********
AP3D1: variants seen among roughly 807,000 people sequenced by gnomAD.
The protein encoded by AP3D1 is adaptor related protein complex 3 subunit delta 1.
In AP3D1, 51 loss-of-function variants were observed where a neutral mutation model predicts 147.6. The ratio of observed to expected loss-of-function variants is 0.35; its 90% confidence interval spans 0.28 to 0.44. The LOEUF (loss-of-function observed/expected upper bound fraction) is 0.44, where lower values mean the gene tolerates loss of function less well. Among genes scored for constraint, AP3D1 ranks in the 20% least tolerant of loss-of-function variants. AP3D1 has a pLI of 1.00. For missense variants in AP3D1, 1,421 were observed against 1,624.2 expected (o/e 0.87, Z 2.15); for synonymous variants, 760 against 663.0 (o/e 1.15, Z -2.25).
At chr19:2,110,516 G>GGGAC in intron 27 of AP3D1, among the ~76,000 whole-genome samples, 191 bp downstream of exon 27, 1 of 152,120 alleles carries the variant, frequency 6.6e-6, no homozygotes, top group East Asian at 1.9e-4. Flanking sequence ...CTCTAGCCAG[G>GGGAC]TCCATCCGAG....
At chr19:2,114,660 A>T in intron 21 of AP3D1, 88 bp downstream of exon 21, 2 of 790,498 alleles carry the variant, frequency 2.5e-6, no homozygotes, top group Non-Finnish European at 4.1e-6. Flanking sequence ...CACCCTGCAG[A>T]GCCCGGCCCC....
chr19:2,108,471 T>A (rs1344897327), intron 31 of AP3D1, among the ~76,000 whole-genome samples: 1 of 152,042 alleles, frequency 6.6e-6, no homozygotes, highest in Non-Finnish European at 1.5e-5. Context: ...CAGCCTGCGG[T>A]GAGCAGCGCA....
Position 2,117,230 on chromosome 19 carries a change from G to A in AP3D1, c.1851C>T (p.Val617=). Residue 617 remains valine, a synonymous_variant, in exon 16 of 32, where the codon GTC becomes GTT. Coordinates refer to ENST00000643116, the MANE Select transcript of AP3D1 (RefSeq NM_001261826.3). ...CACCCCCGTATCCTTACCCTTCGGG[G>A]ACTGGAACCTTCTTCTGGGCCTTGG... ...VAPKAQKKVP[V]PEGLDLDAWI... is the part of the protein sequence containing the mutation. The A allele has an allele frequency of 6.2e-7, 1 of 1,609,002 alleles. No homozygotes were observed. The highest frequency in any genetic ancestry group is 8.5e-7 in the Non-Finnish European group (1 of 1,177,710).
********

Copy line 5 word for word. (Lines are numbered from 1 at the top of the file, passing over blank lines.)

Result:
At chr19:2,114,660 A>T in intron 21 of AP3D1, 88 bp downstream of exon 21, 2 of 790,498 alleles carry the variant, frequency 2.5e-6, no homozygotes, top group Non-Finnish European at 4.1e-6. Flanking sequence ...CACCCTGCAG[A>T]GCCCGGCCCC....